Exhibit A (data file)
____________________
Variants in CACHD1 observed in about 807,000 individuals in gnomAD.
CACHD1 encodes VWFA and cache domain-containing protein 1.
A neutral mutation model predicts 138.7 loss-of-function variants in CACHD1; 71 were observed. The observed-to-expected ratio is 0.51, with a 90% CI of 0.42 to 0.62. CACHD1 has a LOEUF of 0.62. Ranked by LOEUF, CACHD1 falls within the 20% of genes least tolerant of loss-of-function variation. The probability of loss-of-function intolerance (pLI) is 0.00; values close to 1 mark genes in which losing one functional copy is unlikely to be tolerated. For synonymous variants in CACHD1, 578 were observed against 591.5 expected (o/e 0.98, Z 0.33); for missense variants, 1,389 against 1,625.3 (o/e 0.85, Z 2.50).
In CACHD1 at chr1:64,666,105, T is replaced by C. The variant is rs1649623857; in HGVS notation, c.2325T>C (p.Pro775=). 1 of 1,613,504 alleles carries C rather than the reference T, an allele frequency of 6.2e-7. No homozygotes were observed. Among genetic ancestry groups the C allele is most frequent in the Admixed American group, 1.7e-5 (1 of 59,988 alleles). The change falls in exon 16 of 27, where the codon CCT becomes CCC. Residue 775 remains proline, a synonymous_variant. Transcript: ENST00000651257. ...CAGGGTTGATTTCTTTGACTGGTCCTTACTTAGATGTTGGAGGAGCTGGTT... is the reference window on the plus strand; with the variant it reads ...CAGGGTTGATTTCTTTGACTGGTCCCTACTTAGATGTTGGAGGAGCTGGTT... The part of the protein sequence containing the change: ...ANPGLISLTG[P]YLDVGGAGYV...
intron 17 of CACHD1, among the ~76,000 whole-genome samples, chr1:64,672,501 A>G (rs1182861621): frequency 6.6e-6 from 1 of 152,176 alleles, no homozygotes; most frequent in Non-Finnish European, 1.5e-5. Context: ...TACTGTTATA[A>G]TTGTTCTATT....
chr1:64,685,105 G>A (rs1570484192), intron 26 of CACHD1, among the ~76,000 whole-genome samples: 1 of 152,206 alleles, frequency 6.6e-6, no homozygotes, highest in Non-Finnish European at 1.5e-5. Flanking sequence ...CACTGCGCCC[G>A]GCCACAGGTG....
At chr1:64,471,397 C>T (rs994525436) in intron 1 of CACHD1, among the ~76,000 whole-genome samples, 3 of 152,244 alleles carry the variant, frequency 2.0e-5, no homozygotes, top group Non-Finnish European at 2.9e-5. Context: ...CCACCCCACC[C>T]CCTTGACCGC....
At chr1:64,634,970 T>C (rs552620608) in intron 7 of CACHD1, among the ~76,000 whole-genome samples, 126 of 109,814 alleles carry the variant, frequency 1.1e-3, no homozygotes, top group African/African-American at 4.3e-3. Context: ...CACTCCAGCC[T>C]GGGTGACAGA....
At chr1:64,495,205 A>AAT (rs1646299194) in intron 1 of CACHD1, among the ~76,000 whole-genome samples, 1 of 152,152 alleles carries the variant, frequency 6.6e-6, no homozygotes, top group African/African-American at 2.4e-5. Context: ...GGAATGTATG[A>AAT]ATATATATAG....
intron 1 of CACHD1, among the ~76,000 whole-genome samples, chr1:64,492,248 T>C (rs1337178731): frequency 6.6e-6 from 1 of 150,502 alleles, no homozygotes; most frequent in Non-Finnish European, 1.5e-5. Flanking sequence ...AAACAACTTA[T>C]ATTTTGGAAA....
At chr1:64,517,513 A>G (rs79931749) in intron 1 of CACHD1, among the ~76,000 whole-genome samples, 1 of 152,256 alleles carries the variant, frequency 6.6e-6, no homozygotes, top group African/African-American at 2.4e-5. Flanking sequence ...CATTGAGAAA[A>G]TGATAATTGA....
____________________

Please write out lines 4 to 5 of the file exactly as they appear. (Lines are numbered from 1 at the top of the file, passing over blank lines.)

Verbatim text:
In CACHD1 at chr1:64,666,105, T is replaced by C. The variant is rs1649623857; in HGVS notation, c.2325T>C (p.Pro775=). 1 of 1,613,504 alleles carries C rather than the reference T, an allele frequency of 6.2e-7. No homozygotes were observed. Among genetic ancestry groups the C allele is most frequent in the Admixed American group, 1.7e-5 (1 of 59,988 alleles). The change falls in exon 16 of 27, where the codon CCT becomes CCC. Residue 775 remains proline, a synonymous_variant. Transcript: ENST00000651257. ...CAGGGTTGATTTCTTTGACTGGTCCTTACTTAGATGTTGGAGGAGCTGGTT... is the reference window on the plus strand; with the variant it reads ...CAGGGTTGATTTCTTTGACTGGTCCCTACTTAGATGTTGGAGGAGCTGGTT... The part of the protein sequence containing the change: ...ANPGLISLTG[P]YLDVGGAGYV...
intron 17 of CACHD1, among the ~76,000 whole-genome samples, chr1:64,672,501 A>G (rs1182861621): frequency 6.6e-6 from 1 of 152,176 alleles, no homozygotes; most frequent in Non-Finnish European, 1.5e-5. Context: ...TACTGTTATA[A>G]TTGTTCTATT....